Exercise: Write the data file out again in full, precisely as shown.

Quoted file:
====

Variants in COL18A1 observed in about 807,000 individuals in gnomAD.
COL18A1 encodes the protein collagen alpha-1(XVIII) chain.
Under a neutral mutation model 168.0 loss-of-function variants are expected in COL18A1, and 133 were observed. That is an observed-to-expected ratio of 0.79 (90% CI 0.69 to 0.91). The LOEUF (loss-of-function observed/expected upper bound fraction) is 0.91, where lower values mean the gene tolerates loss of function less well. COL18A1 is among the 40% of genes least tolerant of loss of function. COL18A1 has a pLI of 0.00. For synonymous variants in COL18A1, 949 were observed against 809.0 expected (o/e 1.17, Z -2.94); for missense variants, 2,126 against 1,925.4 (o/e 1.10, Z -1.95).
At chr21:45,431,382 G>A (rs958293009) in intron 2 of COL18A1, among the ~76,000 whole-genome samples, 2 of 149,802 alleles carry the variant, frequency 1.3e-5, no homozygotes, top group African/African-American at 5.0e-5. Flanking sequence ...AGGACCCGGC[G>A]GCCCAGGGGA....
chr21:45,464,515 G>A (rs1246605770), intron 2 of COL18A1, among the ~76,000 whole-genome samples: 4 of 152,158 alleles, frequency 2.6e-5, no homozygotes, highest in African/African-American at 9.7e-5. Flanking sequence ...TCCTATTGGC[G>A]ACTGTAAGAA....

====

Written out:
Variants in COL18A1 observed in about 807,000 individuals in gnomAD.
COL18A1 encodes the protein collagen alpha-1(XVIII) chain.
Under a neutral mutation model 168.0 loss-of-function variants are expected in COL18A1, and 133 were observed. That is an observed-to-expected ratio of 0.79 (90% CI 0.69 to 0.91). The LOEUF (loss-of-function observed/expected upper bound fraction) is 0.91, where lower values mean the gene tolerates loss of function less well. COL18A1 is among the 40% of genes least tolerant of loss of function. COL18A1 has a pLI of 0.00. For synonymous variants in COL18A1, 949 were observed against 809.0 expected (o/e 1.17, Z -2.94); for missense variants, 2,126 against 1,925.4 (o/e 1.10, Z -1.95).
At chr21:45,431,382 G>A (rs958293009) in intron 2 of COL18A1, among the ~76,000 whole-genome samples, 2 of 149,802 alleles carry the variant, frequency 1.3e-5, no homozygotes, top group African/African-American at 5.0e-5. Flanking sequence ...AGGACCCGGC[G>A]GCCCAGGGGA....
chr21:45,464,515 G>A (rs1246605770), intron 2 of COL18A1, among the ~76,000 whole-genome samples: 4 of 152,158 alleles, frequency 2.6e-5, no homozygotes, highest in African/African-American at 9.7e-5. Flanking sequence ...TCCTATTGGC[G>A]ACTGTAAGAA....